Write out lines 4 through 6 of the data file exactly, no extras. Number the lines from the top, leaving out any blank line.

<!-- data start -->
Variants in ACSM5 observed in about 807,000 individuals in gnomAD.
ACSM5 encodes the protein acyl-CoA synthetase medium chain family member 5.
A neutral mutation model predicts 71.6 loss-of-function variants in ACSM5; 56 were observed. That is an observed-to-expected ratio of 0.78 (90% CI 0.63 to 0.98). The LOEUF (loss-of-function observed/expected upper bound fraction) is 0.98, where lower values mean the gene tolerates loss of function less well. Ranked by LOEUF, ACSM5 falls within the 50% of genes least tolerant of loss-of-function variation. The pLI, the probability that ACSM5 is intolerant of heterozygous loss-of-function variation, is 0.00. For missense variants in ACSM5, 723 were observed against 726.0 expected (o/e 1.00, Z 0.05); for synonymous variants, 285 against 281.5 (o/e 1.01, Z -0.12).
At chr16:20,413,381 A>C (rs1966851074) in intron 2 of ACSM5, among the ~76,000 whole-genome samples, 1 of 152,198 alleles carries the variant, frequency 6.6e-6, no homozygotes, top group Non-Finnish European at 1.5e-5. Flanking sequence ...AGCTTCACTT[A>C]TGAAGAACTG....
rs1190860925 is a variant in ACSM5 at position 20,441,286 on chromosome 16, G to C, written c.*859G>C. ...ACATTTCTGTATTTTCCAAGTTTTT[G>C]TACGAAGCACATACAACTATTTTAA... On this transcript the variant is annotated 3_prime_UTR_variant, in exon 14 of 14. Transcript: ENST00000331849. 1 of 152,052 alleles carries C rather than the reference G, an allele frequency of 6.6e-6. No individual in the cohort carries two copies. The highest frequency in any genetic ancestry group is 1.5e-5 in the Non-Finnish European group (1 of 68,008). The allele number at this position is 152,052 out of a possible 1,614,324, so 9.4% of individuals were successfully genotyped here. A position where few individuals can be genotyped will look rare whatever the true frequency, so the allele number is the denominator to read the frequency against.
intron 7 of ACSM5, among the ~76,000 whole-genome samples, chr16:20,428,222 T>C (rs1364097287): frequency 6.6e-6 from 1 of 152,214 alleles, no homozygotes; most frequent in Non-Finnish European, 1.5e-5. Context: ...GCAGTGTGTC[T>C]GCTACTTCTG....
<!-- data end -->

At chr16:20,413,381 A>C (rs1966851074) in intron 2 of ACSM5, among the ~76,000 whole-genome samples, 1 of 152,198 alleles carries the variant, frequency 6.6e-6, no homozygotes, top group Non-Finnish European at 1.5e-5. Flanking sequence ...AGCTTCACTT[A>C]TGAAGAACTG....
rs1190860925 is a variant in ACSM5 at position 20,441,286 on chromosome 16, G to C, written c.*859G>C. ...ACATTTCTGTATTTTCCAAGTTTTT[G>C]TACGAAGCACATACAACTATTTTAA... On this transcript the variant is annotated 3_prime_UTR_variant, in exon 14 of 14. Transcript: ENST00000331849. 1 of 152,052 alleles carries C rather than the reference G, an allele frequency of 6.6e-6. No individual in the cohort carries two copies. The highest frequency in any genetic ancestry group is 1.5e-5 in the Non-Finnish European group (1 of 68,008). The allele number at this position is 152,052 out of a possible 1,614,324, so 9.4% of individuals were successfully genotyped here. A position where few individuals can be genotyped will look rare whatever the true frequency, so the allele number is the denominator to read the frequency against.
intron 7 of ACSM5, among the ~76,000 whole-genome samples, chr16:20,428,222 T>C (rs1364097287): frequency 6.6e-6 from 1 of 152,214 alleles, no homozygotes; most frequent in Non-Finnish European, 1.5e-5. Context: ...GCAGTGTGTC[T>C]GCTACTTCTG....